Penguin’s Page Turners Giveaway

Jane Corry, I Made a Mistake

Have you always enjoyed getting stuck into a good book or has lockdown given you a new found love for reading? If so, then we have a great giveaway coming up!

We have teamed up with Penguin’s Page Turners to bring a fantastic giveaway of Jane Corry’s new book, I Made A Mistake and an Ava May Aromas Starter Pack as well as a £25 gift card

To enter, simply head over to the Page Turners Facebook Page and complete the following steps: 

  1. Follow @avamayaromas
  2. Follow@janecorryauthor
  3. Comment below telling them about a book you have loved in lockdown

The giveaway will launch on 4th June 2020 on Page Turners Facebook Page @thepageturners and the winner will be announced on Wednesday 8th June 2020 at 9am, open to those in the UK only.

Jane Corry

I Made A Mistake is a heart-in-mouth, darkly addictive psychological thriller about a woman who makes a mistake which ends up being deadly. It’s for fans of Nicci French, Lisa Jewell and Clare Mackintosh.

Jane Corry is a Sunday Times bestselling author and we couldn’t pass up the opportunity to get a few words from her about her journey and the new book…

There are times when many of us wonder what happened to our first love and how our lives might have been quite different…

This is what inspired me to write I Made A Mistake. Poppy never thought she was ‘the type’ of woman to have an affair. But then Matthew comes back into her life after twenty-three years.

But there’s also more to my novel. We lived with my grandmother until I was 12 and then we moved just round the corner. So I grew up observing, at close quarters, the relationship between my mother and her mother-in-law! This influenced my decision to have Betty’s mother-in-law live with Poppy, her husband and their two teenage children. I also wanted to turn the difficult mother-in-law stereotype onto its head and make the two women very fond of each other. Betty tells her life story in alternate chapters going back to the 1960s. Both women have their secrets. And each road leads to life or death.

 

  • How did you make the change from journalist to novel writer and what were the easy bits and the more challenging obstacles?

I became a journalist because I wanted to be a novelist. I thought one had to be much older to gain experience necessary to write a novel. I’m not so sure that’s true now because every stage of life has its own voice.  I initially worked as a staff writer for women’s magazines and then freelanced from home for The Daily Telegraph while bringing up my three children.  When the youngest started playgroup, I felt I had time to start that novel – but it then took me twelve years and twelve rejected novels before I got accepted! I think it was because I wrote them in a rush between school drop-offs and pick-ups, whilst writing as a journalist at the same time!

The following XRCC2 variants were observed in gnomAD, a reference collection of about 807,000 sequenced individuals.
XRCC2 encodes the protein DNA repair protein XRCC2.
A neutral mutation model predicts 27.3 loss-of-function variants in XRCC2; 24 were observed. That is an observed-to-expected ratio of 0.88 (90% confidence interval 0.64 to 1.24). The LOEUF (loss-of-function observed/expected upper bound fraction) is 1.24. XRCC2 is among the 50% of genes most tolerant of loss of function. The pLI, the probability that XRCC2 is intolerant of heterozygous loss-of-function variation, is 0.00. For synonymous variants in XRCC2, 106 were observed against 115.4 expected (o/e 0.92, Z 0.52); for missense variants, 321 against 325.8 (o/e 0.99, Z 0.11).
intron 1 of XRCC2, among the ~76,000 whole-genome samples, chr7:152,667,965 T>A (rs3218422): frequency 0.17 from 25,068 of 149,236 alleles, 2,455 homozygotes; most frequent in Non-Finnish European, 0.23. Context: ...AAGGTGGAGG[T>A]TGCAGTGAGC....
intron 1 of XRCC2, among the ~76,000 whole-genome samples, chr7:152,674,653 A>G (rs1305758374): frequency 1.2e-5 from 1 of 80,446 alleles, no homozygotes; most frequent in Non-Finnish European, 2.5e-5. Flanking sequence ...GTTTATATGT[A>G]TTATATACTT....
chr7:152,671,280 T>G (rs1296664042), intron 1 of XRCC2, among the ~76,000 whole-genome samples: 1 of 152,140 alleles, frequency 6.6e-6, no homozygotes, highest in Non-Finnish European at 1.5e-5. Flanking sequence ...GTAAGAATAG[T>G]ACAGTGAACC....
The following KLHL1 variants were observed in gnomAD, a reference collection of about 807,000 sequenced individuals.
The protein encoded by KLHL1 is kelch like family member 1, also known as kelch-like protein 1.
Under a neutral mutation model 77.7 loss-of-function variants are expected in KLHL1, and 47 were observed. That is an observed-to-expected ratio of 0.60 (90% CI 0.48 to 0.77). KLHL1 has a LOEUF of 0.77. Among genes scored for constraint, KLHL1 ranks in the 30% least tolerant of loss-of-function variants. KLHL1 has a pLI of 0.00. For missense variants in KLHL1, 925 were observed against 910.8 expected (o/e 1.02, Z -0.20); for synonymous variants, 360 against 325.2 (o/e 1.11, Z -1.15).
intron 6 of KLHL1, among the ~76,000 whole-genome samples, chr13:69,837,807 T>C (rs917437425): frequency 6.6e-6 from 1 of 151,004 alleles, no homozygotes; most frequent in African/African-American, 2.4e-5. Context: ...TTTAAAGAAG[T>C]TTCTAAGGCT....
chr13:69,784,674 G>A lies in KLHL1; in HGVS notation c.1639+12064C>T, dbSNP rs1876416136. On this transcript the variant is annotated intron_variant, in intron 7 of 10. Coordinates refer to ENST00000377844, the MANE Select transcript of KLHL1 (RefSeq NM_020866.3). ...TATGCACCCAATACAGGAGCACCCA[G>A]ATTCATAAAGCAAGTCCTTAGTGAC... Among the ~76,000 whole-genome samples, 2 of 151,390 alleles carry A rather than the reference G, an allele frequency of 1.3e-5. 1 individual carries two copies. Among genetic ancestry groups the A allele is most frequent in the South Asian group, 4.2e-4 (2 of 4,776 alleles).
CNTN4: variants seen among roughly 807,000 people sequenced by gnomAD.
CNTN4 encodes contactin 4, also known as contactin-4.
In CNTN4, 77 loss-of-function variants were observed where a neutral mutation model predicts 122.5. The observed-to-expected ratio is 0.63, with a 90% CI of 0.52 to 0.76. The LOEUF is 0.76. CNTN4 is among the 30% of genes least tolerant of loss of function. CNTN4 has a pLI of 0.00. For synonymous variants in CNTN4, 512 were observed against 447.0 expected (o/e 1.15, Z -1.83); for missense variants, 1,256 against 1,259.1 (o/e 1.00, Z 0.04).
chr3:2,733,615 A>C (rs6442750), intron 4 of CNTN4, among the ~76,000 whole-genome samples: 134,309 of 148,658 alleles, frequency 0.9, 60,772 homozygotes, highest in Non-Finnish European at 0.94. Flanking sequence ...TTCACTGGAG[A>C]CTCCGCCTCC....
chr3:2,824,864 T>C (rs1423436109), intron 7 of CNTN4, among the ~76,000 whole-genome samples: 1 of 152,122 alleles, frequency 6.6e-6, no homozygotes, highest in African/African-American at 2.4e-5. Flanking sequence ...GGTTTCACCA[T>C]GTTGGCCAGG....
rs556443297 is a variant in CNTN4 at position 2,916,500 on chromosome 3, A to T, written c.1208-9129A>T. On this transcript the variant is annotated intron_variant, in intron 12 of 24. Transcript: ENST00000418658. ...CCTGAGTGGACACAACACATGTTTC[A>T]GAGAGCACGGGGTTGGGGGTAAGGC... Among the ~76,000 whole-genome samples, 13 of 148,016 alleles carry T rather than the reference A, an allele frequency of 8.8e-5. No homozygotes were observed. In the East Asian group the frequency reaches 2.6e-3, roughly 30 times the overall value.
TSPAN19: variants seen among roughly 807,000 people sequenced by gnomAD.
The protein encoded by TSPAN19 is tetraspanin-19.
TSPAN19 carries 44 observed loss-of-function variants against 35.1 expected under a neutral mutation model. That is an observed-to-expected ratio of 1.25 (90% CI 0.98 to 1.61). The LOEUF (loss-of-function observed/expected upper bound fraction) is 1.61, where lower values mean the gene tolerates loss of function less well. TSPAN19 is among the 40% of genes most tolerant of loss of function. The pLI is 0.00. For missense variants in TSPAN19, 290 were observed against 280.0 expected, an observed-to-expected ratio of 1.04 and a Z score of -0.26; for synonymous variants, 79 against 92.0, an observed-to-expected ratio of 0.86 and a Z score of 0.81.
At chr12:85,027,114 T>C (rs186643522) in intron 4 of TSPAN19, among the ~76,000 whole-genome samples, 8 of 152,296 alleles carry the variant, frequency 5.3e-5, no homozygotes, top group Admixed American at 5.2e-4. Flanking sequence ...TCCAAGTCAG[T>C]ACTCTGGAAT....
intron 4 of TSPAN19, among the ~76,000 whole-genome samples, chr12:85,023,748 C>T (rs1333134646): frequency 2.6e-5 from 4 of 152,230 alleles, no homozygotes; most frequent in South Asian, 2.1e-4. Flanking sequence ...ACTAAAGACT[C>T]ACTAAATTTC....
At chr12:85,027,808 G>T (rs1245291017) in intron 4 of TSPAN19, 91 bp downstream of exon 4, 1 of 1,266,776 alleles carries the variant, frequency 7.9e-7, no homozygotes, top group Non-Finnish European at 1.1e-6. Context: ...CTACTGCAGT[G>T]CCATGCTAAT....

The easy bit for me was the writing, especially writing the twists. I’ve always loved leading readers up the path! The challenging part was finding the time and also attracting the attention of an agent, and then a publisher. It’s a highly competitive world.

 

  • What goes into the planning of a new book once you have decided on a new idea?

The idea comes first and then I ‘people’ it with characters who are different from each other. I like to write in multi-viewpoint with at least two characters telling their different stories. It’s not until you reach a certain part that you realise how the two are connected. I plot quite carefully and have several brainstorms with my editor. However, you have to allow breathing space for the characters to develop. This might well mean changing the plot as I go along. I also revise several times. I have more time to do that now, even though I’m a hands-on granny.

 

  • Walking your dog along the beach inspires you but if writer’s block creeps in, how do you deal with it?

I don’t get writers’ block. When life gets tough, I write even more. I’ve always been like that. When I was a teenager, I wrote reams of ‘angst’ poetry. Sadly, I threw it away in my early twenties because I thought it might upset people. It’s one of my regrets.  Now I’ve learned to have the courage of my convictions as a writer. Writing is my therapy!

 

An inspiring lady and a great competition – we wish you the best of luck!

 

Source: Images from Penguin Page Turners

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